On the Move: A Life by Oliver Sacks:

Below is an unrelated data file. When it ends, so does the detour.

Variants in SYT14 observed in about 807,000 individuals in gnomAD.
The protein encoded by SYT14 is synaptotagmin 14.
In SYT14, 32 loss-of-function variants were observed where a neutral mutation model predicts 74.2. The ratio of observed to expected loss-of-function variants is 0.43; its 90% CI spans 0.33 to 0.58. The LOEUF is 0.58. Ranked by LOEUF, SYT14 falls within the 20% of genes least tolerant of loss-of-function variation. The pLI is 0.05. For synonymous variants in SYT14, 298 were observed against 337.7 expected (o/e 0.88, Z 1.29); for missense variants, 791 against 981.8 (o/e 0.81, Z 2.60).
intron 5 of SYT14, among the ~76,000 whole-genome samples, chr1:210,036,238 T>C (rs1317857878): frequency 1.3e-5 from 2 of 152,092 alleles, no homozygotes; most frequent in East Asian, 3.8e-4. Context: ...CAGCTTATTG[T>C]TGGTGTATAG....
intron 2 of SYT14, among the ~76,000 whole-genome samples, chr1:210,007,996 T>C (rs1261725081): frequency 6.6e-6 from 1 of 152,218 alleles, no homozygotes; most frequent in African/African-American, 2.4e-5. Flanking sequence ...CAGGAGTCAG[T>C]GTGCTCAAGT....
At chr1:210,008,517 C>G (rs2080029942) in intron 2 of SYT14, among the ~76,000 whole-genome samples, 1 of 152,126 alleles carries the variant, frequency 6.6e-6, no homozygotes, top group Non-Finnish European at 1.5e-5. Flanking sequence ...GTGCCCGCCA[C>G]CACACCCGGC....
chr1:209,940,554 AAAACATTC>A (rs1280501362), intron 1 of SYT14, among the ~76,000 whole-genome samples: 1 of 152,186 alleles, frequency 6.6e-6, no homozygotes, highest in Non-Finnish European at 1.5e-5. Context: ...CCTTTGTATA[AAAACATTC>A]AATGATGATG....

After I moved to Los Angeles, I missed my Sunday morning rides to Stinson Beach with my motorcyclist friends, and I reverted to being a lone rider again; on weekends, I would embark on enormous solo rides. As soon as I could get away from work on Friday, I saddled my horse—I sometimes thought of my bike as a horse—and would set out for the Grand Canyon, five hundred miles away but a straight ride on Route 66. I would ride through the night, lying flat on the tank; the bike had only 30 horsepower, but if I lay flat, I could get it to a little over a hundred miles per hour, and crouched like this, I would hold the bike flat out for hour after hour. Illuminated by the headlight—or, if there was one, by a full moon—the silvery road was sucked under my front wheel, and sometimes I had strange perceptual reversals and illusions. Sometimes I felt that I was inscribing a line on the surface of the earth, at other times that I was poised motionless above the ground, the whole planet rotating silently beneath me. My only stops were at gas stations, to fill the tank, to stretch my legs and exchange a few words with the gas attendant. If I held the bike at its maximum speed, I could reach the Grand Canyon in time to see the sunrise.